Her grandfather and father had laughed. They hadn't believed.
She'd held to her belief through thick and thin; for her and Issy, and later Henry and the twins, the promise of the treasure had held them together, held their spirits up, for the past eight years.
The treasure was there. She wouldn't--couldn't--believe otherwise.
She'd never kept an inn in her life, but having run her uncle's house from attics to cellars for eight years, including the numerous weeks he'd had his bachelor friends to stay for the hunting, she was, she felt sure, more than qualified to run a quiet inn in a sleepy little village like Colyton.
How difficult could it be?
There would no doubt be minor challenges, but with Issy's and Henry's support she'd overcome them. Even the twins, ten years old and mischievous, could be a real help.
She'd hovered long enough. She had to do this--had to march up to the front door, knock, and convince the old gentleman to hire her as the new innkeeper of the Red Bells.
She and her generation of Colytons had made it to the village. It was up to her to gain them the time, and the facility, to search for and find the treasure.
To search for and secure their futures.
Drawing in a deep breath, she held it and, putting one foot determinedly in front of the other, marched steadily on down the drive.
She climbed the front steps and without giving herself even a second to think again, she raised her hand and beat a sharp rat-a-tat-tat on the white-painted front door.
Lowering her hand, she noticed a bell pull. She debated whether to tug that, too, but then approaching footsteps fixed her attention on the door.
It was opened by a butler, one of the more imposing sort. Having moved within the upper circles of York society prior to her father's death, she recognized the species. His back was ramrod straight, his girth impressive. His gaze initially passed over her head, but then lowered.
He considered her with a steady, even gaze. "Yes, miss?"
She took heart from the man's kindly mein. "I wish to speak with the owner of the Red Bells Inn. I'm here to apply for the position of innkeeper."
Surprise flitted over the butler's face, followed by a slight frown. He hesitated, regarding her, then asked, "Is this a joke, miss?"
She felt her lips tighten, her eyes narrow. "No. I'm perfectly serious." Jaw firming, she took the bull by the horns. "Yes, I know what I look like." Soft light brown hair with a tendency to curl and a face everyone--simply everyone--saw as sweet, combined with a slight stature and a height on the short side of average didn't add up to the general notion of a forceful presence-the sort needed to run an inn. "Be that as it may, I have experience aplenty, and I understand the position is still vacant."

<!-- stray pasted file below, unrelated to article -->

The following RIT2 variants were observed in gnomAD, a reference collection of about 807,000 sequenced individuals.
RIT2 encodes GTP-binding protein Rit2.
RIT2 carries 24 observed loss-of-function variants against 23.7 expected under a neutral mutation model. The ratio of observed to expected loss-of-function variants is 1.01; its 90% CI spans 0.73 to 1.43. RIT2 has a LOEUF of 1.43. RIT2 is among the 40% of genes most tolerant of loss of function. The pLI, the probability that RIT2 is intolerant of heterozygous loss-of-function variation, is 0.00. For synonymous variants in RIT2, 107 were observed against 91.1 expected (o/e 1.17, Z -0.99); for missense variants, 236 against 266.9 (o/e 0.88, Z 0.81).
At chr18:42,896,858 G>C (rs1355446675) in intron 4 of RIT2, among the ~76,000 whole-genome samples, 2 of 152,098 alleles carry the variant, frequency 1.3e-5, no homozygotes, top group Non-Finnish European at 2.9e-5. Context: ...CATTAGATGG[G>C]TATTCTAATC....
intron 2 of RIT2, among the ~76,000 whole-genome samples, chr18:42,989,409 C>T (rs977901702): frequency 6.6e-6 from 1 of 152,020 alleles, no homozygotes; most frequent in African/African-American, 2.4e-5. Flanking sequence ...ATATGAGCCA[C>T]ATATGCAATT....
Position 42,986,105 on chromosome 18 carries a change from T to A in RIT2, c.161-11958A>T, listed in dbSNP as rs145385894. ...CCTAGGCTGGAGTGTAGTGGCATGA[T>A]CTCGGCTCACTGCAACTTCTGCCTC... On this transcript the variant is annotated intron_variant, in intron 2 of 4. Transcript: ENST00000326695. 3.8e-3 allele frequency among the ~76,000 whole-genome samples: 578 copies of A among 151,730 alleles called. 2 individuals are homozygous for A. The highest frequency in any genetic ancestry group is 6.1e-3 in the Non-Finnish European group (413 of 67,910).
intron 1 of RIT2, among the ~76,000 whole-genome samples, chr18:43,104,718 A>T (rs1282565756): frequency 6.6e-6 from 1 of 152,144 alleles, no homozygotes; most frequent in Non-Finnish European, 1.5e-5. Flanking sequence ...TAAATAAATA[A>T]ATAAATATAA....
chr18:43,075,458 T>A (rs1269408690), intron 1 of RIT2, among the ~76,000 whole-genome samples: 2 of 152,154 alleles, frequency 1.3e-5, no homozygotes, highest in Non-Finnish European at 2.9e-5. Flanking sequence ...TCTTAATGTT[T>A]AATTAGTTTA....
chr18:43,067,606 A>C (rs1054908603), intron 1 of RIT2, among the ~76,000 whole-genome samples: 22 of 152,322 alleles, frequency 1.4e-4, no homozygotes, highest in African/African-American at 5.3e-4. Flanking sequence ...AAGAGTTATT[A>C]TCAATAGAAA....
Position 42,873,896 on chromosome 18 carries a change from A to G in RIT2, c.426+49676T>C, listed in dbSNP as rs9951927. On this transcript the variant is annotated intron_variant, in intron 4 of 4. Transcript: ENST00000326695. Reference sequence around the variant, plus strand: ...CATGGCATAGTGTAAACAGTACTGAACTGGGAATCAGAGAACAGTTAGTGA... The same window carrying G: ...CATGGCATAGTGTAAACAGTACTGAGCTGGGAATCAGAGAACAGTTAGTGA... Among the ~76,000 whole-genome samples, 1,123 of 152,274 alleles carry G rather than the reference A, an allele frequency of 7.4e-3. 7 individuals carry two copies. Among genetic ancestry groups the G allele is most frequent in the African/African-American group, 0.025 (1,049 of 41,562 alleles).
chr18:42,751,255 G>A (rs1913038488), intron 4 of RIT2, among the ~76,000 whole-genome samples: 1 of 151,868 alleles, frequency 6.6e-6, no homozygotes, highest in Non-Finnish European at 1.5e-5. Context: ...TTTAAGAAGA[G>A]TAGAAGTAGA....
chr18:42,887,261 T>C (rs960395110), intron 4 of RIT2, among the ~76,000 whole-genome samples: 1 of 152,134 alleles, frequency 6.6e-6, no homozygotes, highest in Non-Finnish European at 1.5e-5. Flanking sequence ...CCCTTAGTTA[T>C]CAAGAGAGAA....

The butler looked taken aback by her fierceness. He studied her for a moment more, taking in her high-necked olive green walking dress--she'd tidied herself as best she could while at Axminster--then asked, "If you're sure…?"
She frowned. "Well, of course I'm sure. I'm here, aren't I?"
He acknowledged that with a slight nod, yet still he hesitated.
She lifted her chin. "I have written references--three of them." She tapped her reticule. As she did so, memories of the inn, and the notices--and their curling edges--flashed through her mind. Fixing her gaze on the butler's face, she risked a deductive leap. "It's clear your master has had difficulty filling the position. I'm sure he wishes to have his inn operating again. Here I am, a perfectly worthy applicant. Are you sure you want to turn me away, rather than inform him I am here and wish to speak with him?"
The butler considered her with a more measuring eye; she wondered if the flash she'd seen in his eyes might have been respect.
Regardless, at long last he inclined his head. "I will inform Mr. Tallent that you are here, miss. What name shall I say?"
"Miss Emily Beauregard."
* * *
"Who?" Looking up from the depressing pile of applications, Jonas stared at Mortimer. "A young woman?"
"Well…a young female person, sir." Mortimer was clearly in two minds about the social standing of Miss Emily Beauregard, which in itself was remarkable. He'd been in his present position for decades, and was well-versed in identifying the various levels of persons who presented themselves at the local magistrate's door. "She seemed…very set on applying for the position. I thought, all things considered, that perhaps you should see her."